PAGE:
"Hole in the wall" in the UK is a cash machine [ATM]
    – Tetsujin
    Commented Jun 22, 2017 at 20:53
  • "Hole in the wall eatery" is almost redundant. By itself, "hole in the wall" suggests either a restaurant or drinking establishment. Commented Jun 22, 2017 at 20:57
  • @Tetsujin Uh, is it? That must be regional. I was born here, and I've literally never heard that used. Commented Jun 22, 2017 at 22:59
  • It may be either regional - I'm originally from Yorkshire, though now in London & I don't hear it here; or historical - thinking hard, I may not have heard anyone else say it in 30 years;) Anecdotally, I now live but a few miles from the first ever ATM, according to en.wikipedia.org/wiki/Automated_teller_machine
    – Tetsujin
    Commented Jun 23, 2017 at 6:00

Another possible term is a lunch counter (even if they also serve breakfast or dinner). From Wikipedia:

A lunch counter (also known as a luncheonette) is a small restaurant, much like a diner, where the patron sits on a stool on one side of the counter and the server or person preparing the food serves from the other side of the counter, where the kitchen or limited food preparation area is.

So you have the counter, stools for patrons, and small food preparation area.

Note, however, that many of these were/are inside other establishments, rather than their own little holes-in-the-wall. The term may be most familiar to Americans from the Civil Rights-era sit-ins of lunch counters in Woolworth's department stores (see the Smithsonian's "Separate is Not Equal" web exhibit). The image below from VCU Libraries' Freedom Now Project shows students seated at such a lunch counter during a 1963 demonstration.Students seated at J.J.Newberry's lunch counter, Farmville, Va., July 1963. From left to right--unidentified woman in print dress, Joyce Allen, Carlton Terry, Angela Neverson, John Webb (younger brother to Roy Webb). Richmond Times-Dispatch photographer stands at right edge of photo.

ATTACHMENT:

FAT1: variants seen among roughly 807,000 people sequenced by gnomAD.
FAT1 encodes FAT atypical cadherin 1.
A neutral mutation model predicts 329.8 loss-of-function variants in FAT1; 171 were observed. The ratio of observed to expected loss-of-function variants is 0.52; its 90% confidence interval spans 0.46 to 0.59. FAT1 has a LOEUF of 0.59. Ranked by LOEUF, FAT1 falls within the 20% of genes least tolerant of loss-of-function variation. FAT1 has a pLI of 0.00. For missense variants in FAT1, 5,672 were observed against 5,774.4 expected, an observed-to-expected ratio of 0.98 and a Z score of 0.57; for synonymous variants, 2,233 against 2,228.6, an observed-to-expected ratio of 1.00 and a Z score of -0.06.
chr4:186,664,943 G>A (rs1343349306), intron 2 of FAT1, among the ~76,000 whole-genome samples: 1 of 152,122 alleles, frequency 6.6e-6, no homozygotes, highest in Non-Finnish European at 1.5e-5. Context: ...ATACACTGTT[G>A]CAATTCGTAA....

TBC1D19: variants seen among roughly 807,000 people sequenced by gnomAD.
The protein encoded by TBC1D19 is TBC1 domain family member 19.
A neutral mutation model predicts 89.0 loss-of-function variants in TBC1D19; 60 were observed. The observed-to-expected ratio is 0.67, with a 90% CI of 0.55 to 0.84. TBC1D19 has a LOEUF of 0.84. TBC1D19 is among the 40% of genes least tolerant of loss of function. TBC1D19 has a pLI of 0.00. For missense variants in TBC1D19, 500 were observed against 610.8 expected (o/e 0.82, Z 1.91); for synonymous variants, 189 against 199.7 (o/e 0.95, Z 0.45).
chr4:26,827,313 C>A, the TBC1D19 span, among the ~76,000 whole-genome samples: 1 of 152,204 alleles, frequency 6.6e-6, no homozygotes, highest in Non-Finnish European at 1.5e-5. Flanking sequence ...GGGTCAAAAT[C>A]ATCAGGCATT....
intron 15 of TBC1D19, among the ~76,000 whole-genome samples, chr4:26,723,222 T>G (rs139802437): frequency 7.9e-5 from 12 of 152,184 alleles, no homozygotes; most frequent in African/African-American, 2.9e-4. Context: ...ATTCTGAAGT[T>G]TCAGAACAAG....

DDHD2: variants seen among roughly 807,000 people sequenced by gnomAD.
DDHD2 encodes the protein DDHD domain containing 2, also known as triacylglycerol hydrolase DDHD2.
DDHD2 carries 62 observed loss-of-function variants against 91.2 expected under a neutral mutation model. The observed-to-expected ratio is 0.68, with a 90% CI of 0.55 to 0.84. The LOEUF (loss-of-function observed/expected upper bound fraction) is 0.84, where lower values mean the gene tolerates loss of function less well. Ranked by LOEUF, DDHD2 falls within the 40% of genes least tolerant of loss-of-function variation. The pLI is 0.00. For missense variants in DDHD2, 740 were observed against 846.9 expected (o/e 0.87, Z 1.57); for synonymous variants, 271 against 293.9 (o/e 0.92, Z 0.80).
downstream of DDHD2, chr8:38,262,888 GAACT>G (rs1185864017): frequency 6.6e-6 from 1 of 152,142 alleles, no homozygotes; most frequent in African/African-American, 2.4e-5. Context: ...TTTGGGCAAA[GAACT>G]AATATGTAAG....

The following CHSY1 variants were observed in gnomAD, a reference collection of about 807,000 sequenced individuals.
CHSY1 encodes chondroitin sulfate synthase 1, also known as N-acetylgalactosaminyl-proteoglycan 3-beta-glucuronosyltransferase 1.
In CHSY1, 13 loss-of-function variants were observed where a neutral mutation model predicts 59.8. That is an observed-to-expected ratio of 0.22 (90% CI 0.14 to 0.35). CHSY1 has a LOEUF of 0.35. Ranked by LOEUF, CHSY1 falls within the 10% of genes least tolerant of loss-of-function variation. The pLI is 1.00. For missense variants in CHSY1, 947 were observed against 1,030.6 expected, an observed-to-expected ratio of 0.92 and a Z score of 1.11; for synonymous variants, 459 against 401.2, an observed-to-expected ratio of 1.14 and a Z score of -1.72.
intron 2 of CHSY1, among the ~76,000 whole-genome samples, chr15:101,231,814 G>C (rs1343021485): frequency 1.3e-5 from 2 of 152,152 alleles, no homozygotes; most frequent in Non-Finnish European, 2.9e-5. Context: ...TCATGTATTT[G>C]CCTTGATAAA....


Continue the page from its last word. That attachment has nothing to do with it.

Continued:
There could be different answers based on regional dialect. Here in the Midwest US, I'd call these either a food truck or food cart, depending on whether the motor was integrated into the vehicle.

food truck (noun) a large vehicle equipped with facilities for cooking and selling food. Example usage: "new gourmet food trucks take the street-food game to a higher level" (Google)

food cart (noun) a mobile kitchen that is set up on the street to facilitate the sale and marketing of street food to people from the local pedestrian traffic. (Wikipedia)

  • 1
    Also food trailer, as they sometimes detach from their means of locomotion. However, the question implies a non-mobile eatery to my reading. +1 all the same.
    – Patrick M
    Commented Jun 22, 2017 at 18:16
  • @PatrickM good point. Then again, I've heard my friends casually refer to a food trailer as a food truck here, even if it's not a self-contained vehicle.
    – neontapir
    Commented Jun 22, 2017 at 18:33
  • 1
    I've lived in every region of the contiguous US except New England, and the usage is the same everywhere I've lived. It's established enough that it's used in trademarks: tucsonfoodtrucks.com Commented Jun 22, 2017 at 21:01

Bar [bahr]/ noun

  1. a counter or place where beverages, especially liquors, or light meals are served to customers.

Given your image this may be used as well. A bar can be used to describe the long table top where the people are sitting, and does not necessitate that alcohol is served; such as an "eating bar" found in a diner - see image

Definition Source: Dictionary.com


In Britain these are often termed as "kiosk" or a "booth".

These can either be temporary, portable structures or, as in the case of your question, an aperture set into the side of a larger structure.